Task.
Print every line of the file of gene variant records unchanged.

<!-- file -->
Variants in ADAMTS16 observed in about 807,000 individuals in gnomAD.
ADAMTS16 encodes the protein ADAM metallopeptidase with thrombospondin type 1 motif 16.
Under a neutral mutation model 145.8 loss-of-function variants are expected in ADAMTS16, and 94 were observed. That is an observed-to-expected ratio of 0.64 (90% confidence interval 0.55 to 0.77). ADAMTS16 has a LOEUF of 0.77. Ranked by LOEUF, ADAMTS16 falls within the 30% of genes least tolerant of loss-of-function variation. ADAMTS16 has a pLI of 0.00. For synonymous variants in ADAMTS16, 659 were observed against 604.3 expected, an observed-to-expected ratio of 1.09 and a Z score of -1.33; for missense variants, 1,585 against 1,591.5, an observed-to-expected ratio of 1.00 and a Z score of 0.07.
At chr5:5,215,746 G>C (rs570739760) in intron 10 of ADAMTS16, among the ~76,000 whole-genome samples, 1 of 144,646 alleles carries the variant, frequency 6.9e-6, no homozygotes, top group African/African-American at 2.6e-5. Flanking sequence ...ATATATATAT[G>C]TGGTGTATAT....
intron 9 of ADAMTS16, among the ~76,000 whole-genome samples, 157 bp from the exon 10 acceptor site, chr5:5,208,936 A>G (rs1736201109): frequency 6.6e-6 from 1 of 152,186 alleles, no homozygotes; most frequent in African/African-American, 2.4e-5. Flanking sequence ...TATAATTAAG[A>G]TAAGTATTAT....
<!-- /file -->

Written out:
Variants in ADAMTS16 observed in about 807,000 individuals in gnomAD.
ADAMTS16 encodes the protein ADAM metallopeptidase with thrombospondin type 1 motif 16.
Under a neutral mutation model 145.8 loss-of-function variants are expected in ADAMTS16, and 94 were observed. That is an observed-to-expected ratio of 0.64 (90% confidence interval 0.55 to 0.77). ADAMTS16 has a LOEUF of 0.77. Ranked by LOEUF, ADAMTS16 falls within the 30% of genes least tolerant of loss-of-function variation. ADAMTS16 has a pLI of 0.00. For synonymous variants in ADAMTS16, 659 were observed against 604.3 expected, an observed-to-expected ratio of 1.09 and a Z score of -1.33; for missense variants, 1,585 against 1,591.5, an observed-to-expected ratio of 1.00 and a Z score of 0.07.
At chr5:5,215,746 G>C (rs570739760) in intron 10 of ADAMTS16, among the ~76,000 whole-genome samples, 1 of 144,646 alleles carries the variant, frequency 6.9e-6, no homozygotes, top group African/African-American at 2.6e-5. Flanking sequence ...ATATATATAT[G>C]TGGTGTATAT....
intron 9 of ADAMTS16, among the ~76,000 whole-genome samples, 157 bp from the exon 10 acceptor site, chr5:5,208,936 A>G (rs1736201109): frequency 6.6e-6 from 1 of 152,186 alleles, no homozygotes; most frequent in African/African-American, 2.4e-5. Flanking sequence ...TATAATTAAG[A>G]TAAGTATTAT....